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Bain & Co. Identifies What Young, Affluent Clients Want From Advisors

Most wealth management companies aren’t currently meeting millennials’ demands.

As young investors grow their wealth, financial services firms gain a once-in-a-generation opportunity to score new business, according to a brief from management consulting firm Bain & Company. Wealth management is an important path through which to connect to this fresh generation of investors. But it’s important to understand that up-and-coming clients want their advisors to provide specific services and experiences. Here’s what advisors should know about young, wealthy clients – and how to tap this market.

What Young, Affluent Clients Want From Advisors

Based on interviews with next-generation clients, Bain has identified six priorities this emerging customer base has for its wealth management team:

  1. Networking. Young clients want to connect with their peers and wider social networks. Wealth management firms can meet this demand through the development of technologies that facilitate these connections.
  2. Exploring. New clients crave access to a range of asset classes, including cryptocurrency, art and private equity, Bain says.
  3. Self-deciding. This group of investors wants to stay informed and make its own investment decisions.
  4. Holistic planning. Young clients are hungry for comprehensive and personalized advice, not just products.
  5. Simplifying. Emerging clients want streamlined and easy-to-use digital features and education platforms that reduce paperwork.
  6. Influencing. Young, affluent clients have an eye toward environmental, social and governance (ESG) factors and initiatives.

Meeting these priorities will likely require partnerships with various wealthtech providers, Bain says.

Additionally, these clients resist being easily categorized into traditional segments used by wealth managers. “They want to select the appropriate channel, service level or investment to suit the particular situation,” Bain says. “Dynamic segmentation, informed by real-time behavioral data, will become an important capability for firms to develop.”

How Young Investors Are Gaining Wealth

Most wealth management companies aren’t currently meeting millennials’ demands.Emerging millionaires are a promising class, representing an underserved market and a chance to score new business that will last decades into the future. “Many of this burgeoning group (age 20 to 45) are underserved – including professionals (69% of the young cohort), entrepreneurs (22%) and the second or third generation of wealthy families (9%),” according to the Bain brief.

Even if they’re not serving millennial millionaires, advisors are wise to focus on this generation and its wants and needs. In fact, millennials had an average net worth of more than $278,000 in 2021, according to research and consulting group Cerulli Associates. That’s an average yearly increase of 23.1% since 2016 and the highest growth rate of any generation.

What Advisors Should Know

Most wealth management companies aren’t currently meeting millennials’ demands.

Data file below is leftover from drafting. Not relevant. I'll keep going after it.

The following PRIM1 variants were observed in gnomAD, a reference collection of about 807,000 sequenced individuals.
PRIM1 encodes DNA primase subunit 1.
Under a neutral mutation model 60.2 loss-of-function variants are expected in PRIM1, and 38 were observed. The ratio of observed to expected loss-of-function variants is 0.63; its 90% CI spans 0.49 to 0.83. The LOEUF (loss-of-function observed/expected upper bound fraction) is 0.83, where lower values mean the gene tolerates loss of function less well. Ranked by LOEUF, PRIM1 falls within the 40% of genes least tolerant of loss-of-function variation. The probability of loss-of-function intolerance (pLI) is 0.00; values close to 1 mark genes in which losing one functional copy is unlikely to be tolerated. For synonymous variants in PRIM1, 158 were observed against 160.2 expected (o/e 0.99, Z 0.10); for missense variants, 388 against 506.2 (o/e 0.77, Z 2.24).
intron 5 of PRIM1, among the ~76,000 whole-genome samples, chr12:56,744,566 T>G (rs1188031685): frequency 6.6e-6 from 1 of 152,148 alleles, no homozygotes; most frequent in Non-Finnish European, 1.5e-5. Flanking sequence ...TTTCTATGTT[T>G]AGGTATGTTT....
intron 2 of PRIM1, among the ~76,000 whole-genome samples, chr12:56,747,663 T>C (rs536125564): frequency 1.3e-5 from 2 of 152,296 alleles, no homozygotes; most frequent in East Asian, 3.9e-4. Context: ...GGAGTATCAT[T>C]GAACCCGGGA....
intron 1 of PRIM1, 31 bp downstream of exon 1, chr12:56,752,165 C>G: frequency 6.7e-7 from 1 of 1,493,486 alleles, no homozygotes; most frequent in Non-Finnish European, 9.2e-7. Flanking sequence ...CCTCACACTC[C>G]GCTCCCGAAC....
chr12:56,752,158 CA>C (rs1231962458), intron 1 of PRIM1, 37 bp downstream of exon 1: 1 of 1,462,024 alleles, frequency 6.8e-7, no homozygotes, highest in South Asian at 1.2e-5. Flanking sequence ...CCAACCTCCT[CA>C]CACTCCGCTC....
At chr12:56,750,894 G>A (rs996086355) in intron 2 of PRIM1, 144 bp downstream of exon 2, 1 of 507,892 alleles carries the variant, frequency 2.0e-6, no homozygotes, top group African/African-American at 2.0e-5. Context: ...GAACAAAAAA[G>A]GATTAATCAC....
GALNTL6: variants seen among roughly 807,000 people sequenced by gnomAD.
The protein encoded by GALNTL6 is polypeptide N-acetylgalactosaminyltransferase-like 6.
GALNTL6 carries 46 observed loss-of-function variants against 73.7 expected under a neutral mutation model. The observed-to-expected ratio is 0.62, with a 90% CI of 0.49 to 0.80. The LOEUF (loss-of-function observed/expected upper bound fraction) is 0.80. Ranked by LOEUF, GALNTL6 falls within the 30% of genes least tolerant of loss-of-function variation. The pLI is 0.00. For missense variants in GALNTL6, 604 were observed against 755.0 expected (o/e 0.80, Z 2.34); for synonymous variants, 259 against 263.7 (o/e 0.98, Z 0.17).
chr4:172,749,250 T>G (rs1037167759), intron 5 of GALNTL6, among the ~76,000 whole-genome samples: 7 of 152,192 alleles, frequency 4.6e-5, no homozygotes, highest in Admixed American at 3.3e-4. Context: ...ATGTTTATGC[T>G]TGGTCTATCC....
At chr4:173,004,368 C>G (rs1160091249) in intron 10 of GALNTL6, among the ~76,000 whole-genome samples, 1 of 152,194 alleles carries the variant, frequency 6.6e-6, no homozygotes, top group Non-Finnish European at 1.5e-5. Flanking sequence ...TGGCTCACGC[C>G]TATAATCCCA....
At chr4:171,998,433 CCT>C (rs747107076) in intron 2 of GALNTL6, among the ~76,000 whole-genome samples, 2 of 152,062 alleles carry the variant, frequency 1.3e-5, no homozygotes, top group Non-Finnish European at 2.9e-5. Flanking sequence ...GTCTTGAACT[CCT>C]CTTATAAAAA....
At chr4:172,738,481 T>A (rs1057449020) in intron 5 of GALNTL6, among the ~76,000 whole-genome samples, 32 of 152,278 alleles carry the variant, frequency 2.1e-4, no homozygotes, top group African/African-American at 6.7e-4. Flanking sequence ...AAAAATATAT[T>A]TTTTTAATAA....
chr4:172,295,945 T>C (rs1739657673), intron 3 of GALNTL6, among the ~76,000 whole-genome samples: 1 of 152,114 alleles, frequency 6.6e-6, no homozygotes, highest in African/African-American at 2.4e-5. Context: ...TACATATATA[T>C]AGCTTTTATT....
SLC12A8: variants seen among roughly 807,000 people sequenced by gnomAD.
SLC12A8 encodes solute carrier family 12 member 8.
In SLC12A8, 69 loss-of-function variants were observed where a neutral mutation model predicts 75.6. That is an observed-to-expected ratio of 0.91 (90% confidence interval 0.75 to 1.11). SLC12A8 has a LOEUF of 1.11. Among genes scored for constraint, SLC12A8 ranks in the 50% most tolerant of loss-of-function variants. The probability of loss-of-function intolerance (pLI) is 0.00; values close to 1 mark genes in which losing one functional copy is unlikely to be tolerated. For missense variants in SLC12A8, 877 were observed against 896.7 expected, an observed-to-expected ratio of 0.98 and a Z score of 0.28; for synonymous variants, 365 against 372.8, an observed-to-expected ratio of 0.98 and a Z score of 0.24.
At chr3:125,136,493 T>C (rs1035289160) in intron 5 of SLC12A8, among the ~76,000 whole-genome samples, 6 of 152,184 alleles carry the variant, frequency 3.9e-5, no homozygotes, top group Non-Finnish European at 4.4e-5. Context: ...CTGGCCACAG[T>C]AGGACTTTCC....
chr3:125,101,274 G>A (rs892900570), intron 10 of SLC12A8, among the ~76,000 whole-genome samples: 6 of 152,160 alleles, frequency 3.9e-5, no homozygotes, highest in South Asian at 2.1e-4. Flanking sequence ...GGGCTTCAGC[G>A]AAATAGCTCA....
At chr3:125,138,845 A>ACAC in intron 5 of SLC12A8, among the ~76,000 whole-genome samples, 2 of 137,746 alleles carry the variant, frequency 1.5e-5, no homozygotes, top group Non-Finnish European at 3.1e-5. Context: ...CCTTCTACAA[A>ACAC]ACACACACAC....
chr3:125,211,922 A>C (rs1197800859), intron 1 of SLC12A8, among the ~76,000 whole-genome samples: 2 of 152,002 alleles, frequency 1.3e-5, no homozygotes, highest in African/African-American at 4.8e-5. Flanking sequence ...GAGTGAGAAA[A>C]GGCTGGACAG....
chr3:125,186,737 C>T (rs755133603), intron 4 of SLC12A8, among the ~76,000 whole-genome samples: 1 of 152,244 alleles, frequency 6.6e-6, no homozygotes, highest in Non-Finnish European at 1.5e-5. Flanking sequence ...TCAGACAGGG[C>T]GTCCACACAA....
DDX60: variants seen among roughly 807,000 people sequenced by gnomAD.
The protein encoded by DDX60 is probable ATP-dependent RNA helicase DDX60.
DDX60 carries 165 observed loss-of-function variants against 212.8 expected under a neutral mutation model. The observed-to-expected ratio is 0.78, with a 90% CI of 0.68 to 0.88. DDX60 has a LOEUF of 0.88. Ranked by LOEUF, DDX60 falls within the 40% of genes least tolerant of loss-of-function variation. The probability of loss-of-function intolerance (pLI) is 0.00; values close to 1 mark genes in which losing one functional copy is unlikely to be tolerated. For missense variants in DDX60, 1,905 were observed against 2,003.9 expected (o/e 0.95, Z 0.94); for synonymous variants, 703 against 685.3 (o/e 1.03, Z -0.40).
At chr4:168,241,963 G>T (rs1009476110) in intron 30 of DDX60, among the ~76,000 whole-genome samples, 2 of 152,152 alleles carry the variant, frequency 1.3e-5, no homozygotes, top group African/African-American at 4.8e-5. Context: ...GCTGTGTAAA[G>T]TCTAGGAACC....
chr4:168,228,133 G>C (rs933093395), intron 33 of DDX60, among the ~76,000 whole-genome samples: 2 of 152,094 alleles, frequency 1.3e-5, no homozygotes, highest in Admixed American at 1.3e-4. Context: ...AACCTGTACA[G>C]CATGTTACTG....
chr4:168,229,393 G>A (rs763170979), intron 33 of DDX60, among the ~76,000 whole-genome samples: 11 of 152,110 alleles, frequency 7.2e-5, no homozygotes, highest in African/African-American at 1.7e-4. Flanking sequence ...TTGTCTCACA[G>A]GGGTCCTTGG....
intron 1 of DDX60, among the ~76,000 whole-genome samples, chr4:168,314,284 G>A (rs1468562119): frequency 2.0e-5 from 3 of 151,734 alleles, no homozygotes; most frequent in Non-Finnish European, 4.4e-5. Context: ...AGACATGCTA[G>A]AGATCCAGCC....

For financial advisors, understanding what young, affluent clients want is an investment in the future. But most wealth management companies aren’t currently meeting millennials’ demands. “No contender, whether bank, brokerage or wealthtech company, has delivered an ideal end-to-end experience for this emerging segment just yet,” according to the Bain & Company brief.

Young affluent customers also noted that many wealth manager websites were hard to navigate and lacked “digestible market updates tailored to their portfolios.” They sometimes had trouble reaching advisors and hankered for additional services such as tax optimization, insurance coverage or estate planning.

The Bain brief explores a few strategies large organizations may take to address this emerging client demand. Those techniques include large-scale moves such as acquiring wealthtech firms.

But even smaller players should be aware of the shifting landscape in wealth management.

“While the market for wealth management is flourishing, the next few years won’t offer easy, straight-line growth,” the Bain brief says. “The mix of affluent clients is changing rapidly, and they have needs and priorities that many wealth management firms have just begun to sort out. Gaining a deep understanding of those priorities, and developing a business that addresses them effectively, will be essential to creating value from the new surge in demand.”

Bottom Line

As young investors gain wealth, savvy advisors will note what they require from their wealth management teams and meet those priorities head-on.

Tips for Growing Your Financial Advisory Business

  • Let us be your organic growth partner. If you are looking to grow your financial advisory business, check out SmartAsset’s SmartAdvisor platform. We match certified financial advisors with right-fit clients across the U.S.
  • Expand your radius. SmartAsset’s recent survey shows that many advisors expect to continue meeting with clients remotely following COVID-19. Consider broadening your search and working with investors who are more comfortable with holding virtual meetings or spacing out in-person meetings.

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